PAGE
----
‘This House would welcome ISIS brides back to the UK.’
So opened our inaugural interhouse debating competition, hosted in the Old Refectory, to a packed audience of staff, parents and students.
Few topics have occupied national headlines as prominently as the desire of Shamima Begum to return to the UK; so the moral, political and philosophical implications of this statement were debated late into the evening, in what was surely a highlight of the debating calendar.
As Mr Hall, our Head of Debating, puts it:
‘It was a real opportunity to demonstrate the strength and depth of Habs debating - and for us to enjoy and learn from it. It was a pleasure to see the maturity the boys bring, exploring these grey areas of life. The evening was just delightful: so many of the boys put in the most impressive display of debating we’ve ever seen. Whether they won or not, it was a breath-taking display of passion.'
We were delighted to be joined by Old Haberdasher Jordan Bernstein - currently in his final year of university - and Old Haberdasher Akshay Kishan-Karia - now a barrister – to judge the debate.
Habs debating has a long, rich and successful history, and it was a pleasure to welcome back two of our most successful school debaters. Jordan was the debating captain for 2016 and reached both the Oxford and Cambridge Schools Final in 2014 and 2016, whilst Akshay was the captain for 2012 and competed for Habs in the World Debating Championship. Our 2018 captain of debating, Stanley Dench, joined us as Master of Ceremonies.
During the evening, we caught up with two of the prizewinners, Aniket and Keshav, to hear their views on Habs debating.
Sam has been a keen debater since Year 7. In his own words, he signed up because ‘I was told I was good at talking.’ Since then, he’s been a regular attendee at Junior Debating, rising up to Senior Debating and participating in a number of competitions along the way. Of the event, he says:
‘It showed a real appreciation of Habs debating and showed of our skills in a way we’ve never done before. It was a bigger event, extended to teachers, housemasters, tutors and parents. We also enjoyed having it in such a lovely space.’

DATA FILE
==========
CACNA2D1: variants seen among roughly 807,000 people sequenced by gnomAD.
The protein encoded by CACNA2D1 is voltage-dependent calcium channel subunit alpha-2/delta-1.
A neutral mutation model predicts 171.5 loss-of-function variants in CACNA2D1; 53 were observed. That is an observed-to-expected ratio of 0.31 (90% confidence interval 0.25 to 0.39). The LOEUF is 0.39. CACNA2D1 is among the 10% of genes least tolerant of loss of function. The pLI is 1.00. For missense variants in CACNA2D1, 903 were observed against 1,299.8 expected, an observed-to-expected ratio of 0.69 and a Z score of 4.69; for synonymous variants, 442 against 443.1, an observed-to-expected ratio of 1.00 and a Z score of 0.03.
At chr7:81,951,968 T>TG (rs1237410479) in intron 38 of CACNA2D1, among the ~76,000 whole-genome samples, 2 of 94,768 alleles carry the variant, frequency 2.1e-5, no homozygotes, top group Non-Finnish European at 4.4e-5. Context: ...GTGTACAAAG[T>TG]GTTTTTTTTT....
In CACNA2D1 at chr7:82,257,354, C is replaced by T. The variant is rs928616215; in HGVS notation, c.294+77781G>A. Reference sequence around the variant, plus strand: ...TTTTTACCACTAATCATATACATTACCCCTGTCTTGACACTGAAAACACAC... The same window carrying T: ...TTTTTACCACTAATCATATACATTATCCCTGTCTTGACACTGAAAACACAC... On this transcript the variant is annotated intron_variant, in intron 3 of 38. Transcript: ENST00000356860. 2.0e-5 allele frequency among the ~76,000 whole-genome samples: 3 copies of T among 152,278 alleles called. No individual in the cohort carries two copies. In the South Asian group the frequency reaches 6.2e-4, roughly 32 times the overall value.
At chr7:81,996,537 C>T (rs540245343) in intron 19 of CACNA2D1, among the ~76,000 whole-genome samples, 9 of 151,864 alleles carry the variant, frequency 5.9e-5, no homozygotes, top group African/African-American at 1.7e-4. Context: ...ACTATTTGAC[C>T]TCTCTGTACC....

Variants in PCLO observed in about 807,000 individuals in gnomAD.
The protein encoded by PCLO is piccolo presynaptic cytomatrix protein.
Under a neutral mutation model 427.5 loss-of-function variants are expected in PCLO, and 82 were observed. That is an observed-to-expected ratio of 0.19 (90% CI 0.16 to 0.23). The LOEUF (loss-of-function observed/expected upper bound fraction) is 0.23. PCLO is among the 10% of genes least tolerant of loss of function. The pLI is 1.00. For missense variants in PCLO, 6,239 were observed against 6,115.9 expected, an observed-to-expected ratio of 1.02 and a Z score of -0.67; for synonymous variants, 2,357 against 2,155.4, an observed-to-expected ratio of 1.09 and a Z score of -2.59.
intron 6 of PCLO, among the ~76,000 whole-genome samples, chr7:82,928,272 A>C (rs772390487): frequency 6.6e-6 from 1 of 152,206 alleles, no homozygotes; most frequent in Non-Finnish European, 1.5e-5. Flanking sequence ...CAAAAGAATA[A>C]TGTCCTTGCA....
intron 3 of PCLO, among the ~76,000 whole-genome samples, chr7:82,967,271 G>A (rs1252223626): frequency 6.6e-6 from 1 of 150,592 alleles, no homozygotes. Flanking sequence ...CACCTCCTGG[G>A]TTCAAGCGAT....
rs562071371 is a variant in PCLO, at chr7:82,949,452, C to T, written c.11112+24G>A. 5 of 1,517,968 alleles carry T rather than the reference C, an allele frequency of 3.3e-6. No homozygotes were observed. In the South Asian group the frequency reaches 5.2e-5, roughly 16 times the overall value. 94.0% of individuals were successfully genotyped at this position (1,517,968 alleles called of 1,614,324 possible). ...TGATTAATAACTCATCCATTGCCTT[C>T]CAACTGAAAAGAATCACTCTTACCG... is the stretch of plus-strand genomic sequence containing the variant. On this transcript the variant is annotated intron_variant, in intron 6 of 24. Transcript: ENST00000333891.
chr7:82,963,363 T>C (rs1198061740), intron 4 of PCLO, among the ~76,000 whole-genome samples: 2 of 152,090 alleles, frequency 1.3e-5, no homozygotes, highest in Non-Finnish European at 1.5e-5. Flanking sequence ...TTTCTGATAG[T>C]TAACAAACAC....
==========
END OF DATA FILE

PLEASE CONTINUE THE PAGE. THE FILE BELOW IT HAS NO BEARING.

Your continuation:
When asked about the content of his speech, Sam speaks animatedly, his ability to think on the spot in clear evidence:
‘We gave a principled argument, saying how the UK was responsible for her radicalisation and that we had a principle of protecting citizens based on social contract theory. We also gave a more minor argument about the problem of inequality in a free and fair justice system.’
Leaving Sam to celebrate his success with Aniket, we caught up with the Junior debaters.
Keshav had just collected the Junior Shield with Aarnav; smiles abound. When asked about the merits of the evening, he mentioned:
‘The best thing was the amount of build-up. It was a formal event with external judges invited, a large audience, and it was in the beautiful Old Refectory. There were other teachers, parents and the Headmaster. It really inspired you and made you understand what a commitment school debating is.’
Keshav joined for different reasons to Sam, looking instead for a way to develop the clarity and nuance in the way he expresses an opinion. He says:
‘Debating really adds this intensity: you have to articulate yourself fully. You’ve got the pressure of everyone in the room looking at you, and you’ve got to really try and understand exactly what you’re hoping to get across to other people in room.’
Stepping aside to let mum take a picture, we left him to celebrate his success.
Point of Inspiration
Perhaps it is Keshav’s comment on inspiration that really sums up the evening – and by extension, the extraordinary co-curricular opportunities Habs debating has to offer the boys.
With past speakers now practising lawyers, best-selling authors and MACE world champions, the wider skills that our debating society offers is a true testament to the strength of a Habs education.
Many thanks to all the staff, students, parents and guests involved; we invite you to join us for our 2020 finals next year.